BAGUIO CITY – The Cordillera office of the Department of Transportation and Communication (DOTC-CAR) warned operators and drivers of public utility jeepneys on the repeated complaints of the riding public for overloading since such violation would entail heavy penalties on both the operators and drivers found to be violating such rules and regulations.
Lawyer Brenda Poklay, DOTC-CAR legal counsel, said that the franchises issued to jeepneys clearly specify the number of passengers to be accommodated, inclusive of the driver, in order for the riding public to have confortable, convenient, safe and secure travel from their points of origin to their points of destination, thus, overloading which is a common practice among jeepneys is considered to be gross violation of the franchise issued to operators.
“We will intensify our operations against overloaded jeepneys in order to send a clear message that we mean business in the enforcement of existing rules and regulations to ensure the safety of the riding public,” Poklay stressed.
Perfecto Itliong, Jr., regional coordinator of the Cordillera office of the Public Transport
Affairs Office (PTAO-CAR) admitted overloading is a common practice among jeepneys, especially during rush hours, because of the heavy influx of passengers to the different terminals considering that most of the jeepneys servicing the different routes are locked up in traffic en route to their points of destination or their terminals.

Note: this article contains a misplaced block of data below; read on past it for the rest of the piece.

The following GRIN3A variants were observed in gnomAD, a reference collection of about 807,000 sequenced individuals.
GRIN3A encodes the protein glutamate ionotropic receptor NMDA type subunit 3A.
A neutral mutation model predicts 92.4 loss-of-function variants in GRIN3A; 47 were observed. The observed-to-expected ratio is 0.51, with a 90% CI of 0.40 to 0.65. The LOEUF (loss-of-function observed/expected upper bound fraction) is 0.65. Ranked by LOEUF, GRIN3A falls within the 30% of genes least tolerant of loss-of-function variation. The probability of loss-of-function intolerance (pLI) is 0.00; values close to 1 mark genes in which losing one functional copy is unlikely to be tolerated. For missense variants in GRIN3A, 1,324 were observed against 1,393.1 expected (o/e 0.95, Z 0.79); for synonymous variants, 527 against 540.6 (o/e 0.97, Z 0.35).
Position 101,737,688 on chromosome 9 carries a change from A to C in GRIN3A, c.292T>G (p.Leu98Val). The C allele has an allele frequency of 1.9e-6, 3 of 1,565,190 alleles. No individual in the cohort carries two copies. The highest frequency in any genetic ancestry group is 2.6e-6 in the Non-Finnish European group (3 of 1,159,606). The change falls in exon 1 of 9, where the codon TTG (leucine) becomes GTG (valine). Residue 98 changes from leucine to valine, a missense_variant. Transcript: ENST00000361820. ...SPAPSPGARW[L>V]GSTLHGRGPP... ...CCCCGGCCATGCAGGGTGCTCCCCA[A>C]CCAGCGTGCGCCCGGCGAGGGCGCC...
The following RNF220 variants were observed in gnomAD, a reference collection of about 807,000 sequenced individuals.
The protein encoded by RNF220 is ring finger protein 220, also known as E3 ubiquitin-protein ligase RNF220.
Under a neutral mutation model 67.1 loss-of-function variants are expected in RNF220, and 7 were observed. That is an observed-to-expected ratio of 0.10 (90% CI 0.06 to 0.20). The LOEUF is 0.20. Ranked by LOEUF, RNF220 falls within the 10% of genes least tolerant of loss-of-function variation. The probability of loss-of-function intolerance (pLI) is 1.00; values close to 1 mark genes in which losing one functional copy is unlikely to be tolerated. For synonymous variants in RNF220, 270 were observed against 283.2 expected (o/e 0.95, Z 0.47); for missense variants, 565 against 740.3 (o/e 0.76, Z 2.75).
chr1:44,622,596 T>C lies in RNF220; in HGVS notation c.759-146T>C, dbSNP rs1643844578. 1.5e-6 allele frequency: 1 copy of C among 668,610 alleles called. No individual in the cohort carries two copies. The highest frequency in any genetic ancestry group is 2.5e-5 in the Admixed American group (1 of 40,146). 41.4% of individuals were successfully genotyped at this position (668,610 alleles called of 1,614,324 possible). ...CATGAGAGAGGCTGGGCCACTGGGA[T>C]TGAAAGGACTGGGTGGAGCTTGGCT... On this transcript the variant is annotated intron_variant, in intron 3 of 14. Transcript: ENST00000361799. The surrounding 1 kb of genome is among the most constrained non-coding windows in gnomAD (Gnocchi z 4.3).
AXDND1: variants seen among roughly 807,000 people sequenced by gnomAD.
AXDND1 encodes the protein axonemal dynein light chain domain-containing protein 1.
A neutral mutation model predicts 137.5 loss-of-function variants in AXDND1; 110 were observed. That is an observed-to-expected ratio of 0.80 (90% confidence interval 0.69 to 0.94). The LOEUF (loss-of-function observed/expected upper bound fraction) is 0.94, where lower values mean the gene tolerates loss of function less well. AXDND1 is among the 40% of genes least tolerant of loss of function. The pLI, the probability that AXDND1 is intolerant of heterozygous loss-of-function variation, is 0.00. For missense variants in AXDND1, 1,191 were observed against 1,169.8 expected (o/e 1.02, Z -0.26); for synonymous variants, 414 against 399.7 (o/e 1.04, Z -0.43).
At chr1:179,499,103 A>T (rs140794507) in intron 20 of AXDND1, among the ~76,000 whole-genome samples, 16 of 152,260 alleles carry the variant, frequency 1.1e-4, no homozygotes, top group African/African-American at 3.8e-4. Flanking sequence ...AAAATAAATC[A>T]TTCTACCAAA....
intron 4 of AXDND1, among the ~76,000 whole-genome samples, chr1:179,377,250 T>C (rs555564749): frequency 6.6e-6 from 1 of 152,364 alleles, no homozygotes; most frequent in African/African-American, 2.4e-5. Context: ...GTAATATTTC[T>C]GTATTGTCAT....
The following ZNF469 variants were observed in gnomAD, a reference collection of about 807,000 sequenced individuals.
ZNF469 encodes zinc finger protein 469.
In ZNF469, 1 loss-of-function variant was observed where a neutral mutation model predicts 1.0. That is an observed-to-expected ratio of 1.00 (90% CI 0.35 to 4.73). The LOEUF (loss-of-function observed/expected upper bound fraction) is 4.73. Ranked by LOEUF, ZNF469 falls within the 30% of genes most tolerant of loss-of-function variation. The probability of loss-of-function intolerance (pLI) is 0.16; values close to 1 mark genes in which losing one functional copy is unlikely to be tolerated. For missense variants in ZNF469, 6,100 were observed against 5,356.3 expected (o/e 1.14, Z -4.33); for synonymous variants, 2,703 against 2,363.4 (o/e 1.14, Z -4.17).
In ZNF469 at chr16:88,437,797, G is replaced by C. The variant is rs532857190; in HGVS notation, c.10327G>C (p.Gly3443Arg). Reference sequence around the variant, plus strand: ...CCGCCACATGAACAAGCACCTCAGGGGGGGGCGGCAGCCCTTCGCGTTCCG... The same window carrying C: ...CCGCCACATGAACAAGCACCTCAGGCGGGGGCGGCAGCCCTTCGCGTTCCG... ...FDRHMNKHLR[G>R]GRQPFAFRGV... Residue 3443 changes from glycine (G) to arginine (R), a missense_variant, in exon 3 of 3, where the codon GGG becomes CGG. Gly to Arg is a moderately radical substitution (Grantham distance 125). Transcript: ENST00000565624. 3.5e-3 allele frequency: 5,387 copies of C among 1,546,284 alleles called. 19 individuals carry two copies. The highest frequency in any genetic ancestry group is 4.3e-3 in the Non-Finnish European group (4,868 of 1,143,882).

He said coordination will be done with the barkers of the different jeepney associations in the city for them to strictly follow the number of passengers to be loaded in the jeepneys as stated in their franchise and on the sidings of the bodies of the jeepneys to prevent discomfort and inconvenience among passengers.
Itliong called on jeepney operators to constantly remind their drivers not to overload their vehicles because they are the ones who will shoulder bulk of the penalties to be imposed on them by the Land Transportation Franchising Regulatory Board (LTFRB) once apprehended for such violation.
Under existing rules and regulations, operators of jeepneys found to be overloading will be imposed a fine of P5,000 for the first offense while drivers will also be meted a fine of P1,000 for the first offense among others.
Among the common overloading practices of jeepneys include allowing excess passengers to ride on top of the vehicles and allowing them to go down before checkpoints, allowing passengers to stand on the rear portion of the vehicles.
Pilay said jeepney drivers are being constantly warned against overloading but it seems they cannot avoid the temptations of overloading considering the huge number of passengers needing their services, especially during rush hours.
According to her, overloading is common among jeepneys plying inter-municipal lines due to the limited number of jeepneys servicing the said routes that is why law enforcers tolerate such practice as they understand the predicament of the riding public who might be late in their schools and offices.
Earlier, the LTFRB imposed a moratorium on the approval of additional franchises in the city following the request of the city government due to its serious negative effect to the traffic problem of the city over the past years. By Dexter A. See